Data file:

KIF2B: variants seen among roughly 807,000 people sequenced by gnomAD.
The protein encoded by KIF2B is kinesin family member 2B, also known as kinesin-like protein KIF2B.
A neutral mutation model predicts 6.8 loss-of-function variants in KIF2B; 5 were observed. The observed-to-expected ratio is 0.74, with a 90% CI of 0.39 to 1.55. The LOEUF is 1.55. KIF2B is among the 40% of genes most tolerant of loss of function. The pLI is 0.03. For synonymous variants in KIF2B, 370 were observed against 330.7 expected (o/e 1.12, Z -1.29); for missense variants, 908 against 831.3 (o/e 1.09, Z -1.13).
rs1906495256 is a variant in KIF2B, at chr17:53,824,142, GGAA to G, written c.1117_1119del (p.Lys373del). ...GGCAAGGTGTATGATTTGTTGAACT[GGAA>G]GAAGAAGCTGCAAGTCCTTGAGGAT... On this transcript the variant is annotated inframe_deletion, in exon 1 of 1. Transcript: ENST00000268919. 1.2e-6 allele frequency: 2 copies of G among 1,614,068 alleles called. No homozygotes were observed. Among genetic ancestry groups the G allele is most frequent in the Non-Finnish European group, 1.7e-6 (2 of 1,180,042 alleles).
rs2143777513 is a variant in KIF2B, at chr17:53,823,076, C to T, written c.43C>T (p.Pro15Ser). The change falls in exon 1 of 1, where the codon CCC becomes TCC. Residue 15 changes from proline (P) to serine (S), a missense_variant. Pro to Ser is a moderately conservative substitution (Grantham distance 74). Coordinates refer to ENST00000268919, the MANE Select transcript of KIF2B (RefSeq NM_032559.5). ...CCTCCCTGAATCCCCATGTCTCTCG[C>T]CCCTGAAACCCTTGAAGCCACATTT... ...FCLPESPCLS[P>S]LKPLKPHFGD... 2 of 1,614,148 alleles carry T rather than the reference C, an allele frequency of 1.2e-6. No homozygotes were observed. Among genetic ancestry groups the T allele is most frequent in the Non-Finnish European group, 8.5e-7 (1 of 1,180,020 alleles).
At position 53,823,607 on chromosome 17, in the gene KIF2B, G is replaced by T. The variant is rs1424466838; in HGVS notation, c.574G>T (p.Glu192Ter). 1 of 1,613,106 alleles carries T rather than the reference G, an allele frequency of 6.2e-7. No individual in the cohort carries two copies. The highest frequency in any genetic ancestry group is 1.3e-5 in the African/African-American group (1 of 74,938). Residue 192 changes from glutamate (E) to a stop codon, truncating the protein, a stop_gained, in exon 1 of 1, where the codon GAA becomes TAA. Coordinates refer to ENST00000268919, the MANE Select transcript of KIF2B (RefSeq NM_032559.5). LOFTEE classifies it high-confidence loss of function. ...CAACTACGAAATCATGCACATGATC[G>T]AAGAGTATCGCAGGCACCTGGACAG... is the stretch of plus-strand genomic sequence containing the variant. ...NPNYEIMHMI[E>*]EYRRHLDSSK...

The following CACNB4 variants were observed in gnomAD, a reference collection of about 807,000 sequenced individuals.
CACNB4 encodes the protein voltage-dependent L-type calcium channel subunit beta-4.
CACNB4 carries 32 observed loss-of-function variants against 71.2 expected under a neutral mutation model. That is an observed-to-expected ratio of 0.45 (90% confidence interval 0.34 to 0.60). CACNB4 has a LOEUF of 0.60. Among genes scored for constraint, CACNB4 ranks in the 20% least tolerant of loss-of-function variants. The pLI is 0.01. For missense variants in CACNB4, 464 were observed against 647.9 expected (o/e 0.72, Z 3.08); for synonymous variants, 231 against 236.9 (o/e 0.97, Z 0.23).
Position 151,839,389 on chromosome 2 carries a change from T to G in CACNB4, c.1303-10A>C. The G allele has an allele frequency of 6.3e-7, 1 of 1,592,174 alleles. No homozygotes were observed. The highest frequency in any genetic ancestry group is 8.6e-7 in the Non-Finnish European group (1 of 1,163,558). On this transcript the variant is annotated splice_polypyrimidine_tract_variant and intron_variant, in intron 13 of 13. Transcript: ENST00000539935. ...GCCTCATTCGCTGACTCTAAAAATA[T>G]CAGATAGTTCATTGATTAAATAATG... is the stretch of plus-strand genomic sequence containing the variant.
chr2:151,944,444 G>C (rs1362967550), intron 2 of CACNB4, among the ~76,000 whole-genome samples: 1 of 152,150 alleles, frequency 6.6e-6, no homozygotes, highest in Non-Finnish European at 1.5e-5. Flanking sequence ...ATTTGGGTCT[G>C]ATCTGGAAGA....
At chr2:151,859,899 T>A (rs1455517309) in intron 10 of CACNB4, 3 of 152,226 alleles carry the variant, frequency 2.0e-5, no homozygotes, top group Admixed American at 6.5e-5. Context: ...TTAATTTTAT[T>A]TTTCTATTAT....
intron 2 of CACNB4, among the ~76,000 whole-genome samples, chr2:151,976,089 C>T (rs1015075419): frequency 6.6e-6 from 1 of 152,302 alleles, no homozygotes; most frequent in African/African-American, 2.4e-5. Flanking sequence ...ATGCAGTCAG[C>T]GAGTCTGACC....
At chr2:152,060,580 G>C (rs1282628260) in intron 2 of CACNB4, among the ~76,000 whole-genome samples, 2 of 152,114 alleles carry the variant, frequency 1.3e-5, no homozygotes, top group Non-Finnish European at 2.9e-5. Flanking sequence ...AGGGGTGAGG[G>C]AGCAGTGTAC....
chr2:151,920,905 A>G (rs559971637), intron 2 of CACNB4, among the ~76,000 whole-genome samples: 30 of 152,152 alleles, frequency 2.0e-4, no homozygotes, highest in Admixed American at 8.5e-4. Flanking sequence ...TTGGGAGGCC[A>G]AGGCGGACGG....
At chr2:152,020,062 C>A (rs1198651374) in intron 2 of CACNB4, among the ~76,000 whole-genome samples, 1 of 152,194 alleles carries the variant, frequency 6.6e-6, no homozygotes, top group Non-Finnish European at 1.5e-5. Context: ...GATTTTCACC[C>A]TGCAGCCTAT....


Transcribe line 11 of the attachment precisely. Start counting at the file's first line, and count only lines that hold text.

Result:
chr2:151,944,444 G>C (rs1362967550), intron 2 of CACNB4, among the ~76,000 whole-genome samples: 1 of 152,150 alleles, frequency 6.6e-6, no homozygotes, highest in Non-Finnish European at 1.5e-5. Flanking sequence ...ATTTGGGTCT[G>C]ATCTGGAAGA....